To me, sustainability is striving to be indefinite and self-sufficient while causing as little negative impact as possible. To put this idea in terms of buildings, indefiniteness is analagous to having a long useable life not only due to excellent structural integrity, but also its functionality for beneficial use over many generations. Self-sufficiency would refer to sustainability goals such as energy and water use efficiency, and in the most ideal case making these closed-loop systems. Ideally, the building would have minimal impact on its surroundings; this encompasses the ‘harmfulness’ of the building’s materials and its demands/waste output, among other things. Ways to minimize impact are to utilize sustainable building materials, reduce demands on external resources such as electricity and water (path towards self-sufficiency), and on a higher level considering all consequences of any design decisions.
My ideal vision of sustainability focuses on environmental and social benefits, but is likely not practical considering cost. The sustainable building of my dreams would likely have large initial construction costs and large operating costs over its lifetime. Therefore, I’d have to make informed decisions to set realistic sustainability goals and meet them cost-effectively.
What Inspirational Examples Can We Learn From? https://www.cnn.com/style/article/green-buildings-world-sustainable-design/index.html
Jewel Changi Airport (Singapore)
BCA Green Mark certified
Energy efficient (self adjusting reflector panels, strategic placement for HVAC system, energy efficient cooling+lighting equipement)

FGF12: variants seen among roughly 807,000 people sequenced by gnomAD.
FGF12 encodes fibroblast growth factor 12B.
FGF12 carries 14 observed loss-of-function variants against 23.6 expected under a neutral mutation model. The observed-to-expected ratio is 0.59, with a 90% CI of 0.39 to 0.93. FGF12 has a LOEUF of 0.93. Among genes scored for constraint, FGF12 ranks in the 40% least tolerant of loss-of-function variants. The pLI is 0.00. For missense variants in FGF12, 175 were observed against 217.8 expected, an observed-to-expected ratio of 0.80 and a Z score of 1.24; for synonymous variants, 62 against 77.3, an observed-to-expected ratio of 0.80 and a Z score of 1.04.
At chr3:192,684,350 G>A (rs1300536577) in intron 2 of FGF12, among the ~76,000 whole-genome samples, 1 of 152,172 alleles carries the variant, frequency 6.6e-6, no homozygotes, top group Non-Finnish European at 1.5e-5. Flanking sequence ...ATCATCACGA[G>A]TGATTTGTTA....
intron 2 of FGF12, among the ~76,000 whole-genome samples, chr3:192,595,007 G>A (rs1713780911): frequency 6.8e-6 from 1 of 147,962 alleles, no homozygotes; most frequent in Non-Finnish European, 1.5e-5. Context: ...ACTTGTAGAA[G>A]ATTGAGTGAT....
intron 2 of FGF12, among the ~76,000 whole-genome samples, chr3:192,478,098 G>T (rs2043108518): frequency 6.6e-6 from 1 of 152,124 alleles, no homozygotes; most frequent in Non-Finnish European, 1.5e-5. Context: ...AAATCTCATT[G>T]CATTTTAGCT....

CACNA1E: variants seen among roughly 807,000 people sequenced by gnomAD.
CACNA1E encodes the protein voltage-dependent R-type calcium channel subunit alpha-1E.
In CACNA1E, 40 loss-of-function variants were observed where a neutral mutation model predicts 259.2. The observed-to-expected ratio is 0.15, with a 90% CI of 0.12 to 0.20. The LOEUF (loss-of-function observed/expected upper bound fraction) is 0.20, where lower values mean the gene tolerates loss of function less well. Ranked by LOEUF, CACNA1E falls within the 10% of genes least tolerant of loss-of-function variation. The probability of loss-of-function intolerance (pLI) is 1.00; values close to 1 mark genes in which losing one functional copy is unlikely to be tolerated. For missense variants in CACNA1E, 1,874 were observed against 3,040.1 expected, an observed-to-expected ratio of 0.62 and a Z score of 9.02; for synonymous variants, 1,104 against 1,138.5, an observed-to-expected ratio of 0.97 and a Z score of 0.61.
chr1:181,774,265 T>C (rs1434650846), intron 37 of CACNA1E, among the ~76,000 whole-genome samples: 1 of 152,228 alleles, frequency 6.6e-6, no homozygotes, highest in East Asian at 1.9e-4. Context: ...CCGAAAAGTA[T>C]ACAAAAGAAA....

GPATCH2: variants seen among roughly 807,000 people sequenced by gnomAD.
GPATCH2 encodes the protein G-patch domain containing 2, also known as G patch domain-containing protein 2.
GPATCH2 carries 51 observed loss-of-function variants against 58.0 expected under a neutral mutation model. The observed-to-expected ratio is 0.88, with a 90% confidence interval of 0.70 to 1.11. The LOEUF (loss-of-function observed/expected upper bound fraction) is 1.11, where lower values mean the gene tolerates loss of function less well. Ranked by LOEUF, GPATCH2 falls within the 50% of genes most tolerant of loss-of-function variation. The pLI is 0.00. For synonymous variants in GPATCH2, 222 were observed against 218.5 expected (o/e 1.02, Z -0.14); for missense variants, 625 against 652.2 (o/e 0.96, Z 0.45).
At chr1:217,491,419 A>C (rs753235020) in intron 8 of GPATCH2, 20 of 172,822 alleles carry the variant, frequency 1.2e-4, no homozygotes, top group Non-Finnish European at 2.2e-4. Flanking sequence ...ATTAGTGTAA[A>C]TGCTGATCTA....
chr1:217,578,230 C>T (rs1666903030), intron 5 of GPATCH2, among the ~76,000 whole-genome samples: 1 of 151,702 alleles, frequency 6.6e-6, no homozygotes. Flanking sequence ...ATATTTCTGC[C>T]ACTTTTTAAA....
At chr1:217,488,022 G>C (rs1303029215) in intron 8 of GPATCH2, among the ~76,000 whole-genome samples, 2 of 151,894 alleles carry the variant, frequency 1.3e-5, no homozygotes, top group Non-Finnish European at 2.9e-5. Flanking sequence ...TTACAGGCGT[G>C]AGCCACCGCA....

Diverts foodwaste from incineration —> wastewater!
Greywater reuse, water efficient fixtures in place
Public outreach and awareness: Uses signage for recycling, encourages reduced plastic consumption
Comments: Environmentally sustainable practices in place, has a green building certification super pretty so contributes to wellness, and also does some outreach and education regarding sustainability
ACROS Fukuoka Prefectural International Hall (Fukuoka, Japan)
Land space was very limited, existing occupants pissed that their green space was going to get taken up but architect came up with a solution by placing greenery on 15 terraces. The greenery moderates building temp. and provides habitat for native birds. Great example of compromise with “stakeholders” and ingenuity.
Eastgate Center (Harare, Zimbabwe)
Biomimicry - Uses clay material that termites use to keep their mounds at constant temperature. Doesn’t use conventional cooling/heating system!